Flexible working is about more than where we work, said Timewise CEO Emma Stewart
Four in five jobs still do not advertise flexible working options despite the huge shift to home working during the pandemic, according to research by Timewise.
The flexible working consultancy analysed 6 million job vacancies and found that 78% made no reference to any type of flexible working options.
The number of jobs advertised that did offer some form of flexible working options has risen five percentage points from 2019, when it was 17%.
Of those job advertisements where home working was offered, more than half said they would revert to office-based roles once it became possible.
In the HR profession specifically, the proportion of roles advertised as flexible was slightly above the average at 26%. Just under half of HR vacancies advertised offer home working, Timewise found.
Emma Stewart, Timewise’s CEO, said she had been surprised that the proportion of HR roles advertised as flexible was not greater.
“It’s a job that can be done flexibly so I would expect it to be higher, and for HR to lead by example,” she said.
She added that as a largely female profession, there was a concern that the type of flexibility on offer tended to be remote, rather than part-time working.
“The outlook for all jobseekers is stark but for those needing to work flexibly it is even worse. Women, carers, older workers and those with health concerns are currently at the greatest risk of becoming ‘flexcluded’ from work, as new ways of working fail to be reflected in employers’ recruitment advertising.
“In a female dominated profession such as HR, this presents a real problem. The jobs market neither matches how people are working, who they are, nor what they want. HR as a profession should be taking a lead on getting this right.”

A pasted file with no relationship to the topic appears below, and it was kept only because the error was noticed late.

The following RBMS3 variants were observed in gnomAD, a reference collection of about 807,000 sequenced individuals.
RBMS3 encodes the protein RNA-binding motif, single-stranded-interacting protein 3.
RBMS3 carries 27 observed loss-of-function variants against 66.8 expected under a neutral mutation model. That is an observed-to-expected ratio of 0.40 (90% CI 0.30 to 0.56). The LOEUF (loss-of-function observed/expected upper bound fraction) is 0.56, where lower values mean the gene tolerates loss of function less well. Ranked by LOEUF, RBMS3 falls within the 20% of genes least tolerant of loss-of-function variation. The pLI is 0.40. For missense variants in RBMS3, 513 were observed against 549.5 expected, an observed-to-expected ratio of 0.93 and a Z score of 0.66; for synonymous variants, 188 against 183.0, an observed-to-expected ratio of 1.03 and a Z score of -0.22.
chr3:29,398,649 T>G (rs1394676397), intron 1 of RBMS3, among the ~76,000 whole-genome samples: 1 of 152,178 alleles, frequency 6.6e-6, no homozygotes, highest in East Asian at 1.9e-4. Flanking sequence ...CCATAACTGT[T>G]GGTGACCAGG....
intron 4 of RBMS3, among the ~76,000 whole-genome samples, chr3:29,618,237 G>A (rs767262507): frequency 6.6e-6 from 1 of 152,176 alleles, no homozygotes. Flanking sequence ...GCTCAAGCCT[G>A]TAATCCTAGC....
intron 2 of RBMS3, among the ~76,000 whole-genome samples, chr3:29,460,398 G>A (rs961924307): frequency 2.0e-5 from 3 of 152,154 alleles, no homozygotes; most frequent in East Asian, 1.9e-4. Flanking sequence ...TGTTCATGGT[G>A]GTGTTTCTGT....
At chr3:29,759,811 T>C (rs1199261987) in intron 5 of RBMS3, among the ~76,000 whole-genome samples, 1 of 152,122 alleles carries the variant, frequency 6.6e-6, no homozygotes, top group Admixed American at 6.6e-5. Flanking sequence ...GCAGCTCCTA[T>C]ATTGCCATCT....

Explicitly advertising flexible working in adverts could become a point of difference when the labour market begins to recover, said Stewart. Flexibility could include part-time hours and staggered start and finish times as well as working from home.
Women and lower-paid workers have already been impacted more severely by the pandemic as many are front-line workers that are not able to work flexibly or whose jobs have been put on hold due to restrictions.
Advertising front-line as well as office-based roles as flexible would be crucial in the longer term, she added.
“We’ve seen a lot of part-time workers fall out of industries such as retail, and they tend to be mums or carers. This is a big worry, and unless we start to talk about flexibility at the point of hire, they could stay locked out of the labour market.”
Neil Carberry, CEO of the Recruitment & Employment Confederation, said “building flexibility into jobs plans still has a way to go”.
“Flexible working is vital to an economic recovery which leaves nobody behind. It’s great for businesses too, giving employers potential to build a more engaged and diverse workforce, which is essential for long-term success,” he added.
Danny Harmer, chief people officer at Aviva, said the pandemic had bust many of the myths surrounding home working.
“Organisations need to think about what achieves the best outcome for employees, customers and the business,” she said. “Allowing people to work flexibly in terms of where, how and when they work, and articulating this in job adverts, helps organisations attract a wider range of talent. Flexible working can have a positive effect on wellbeing too, which is good for everyone.”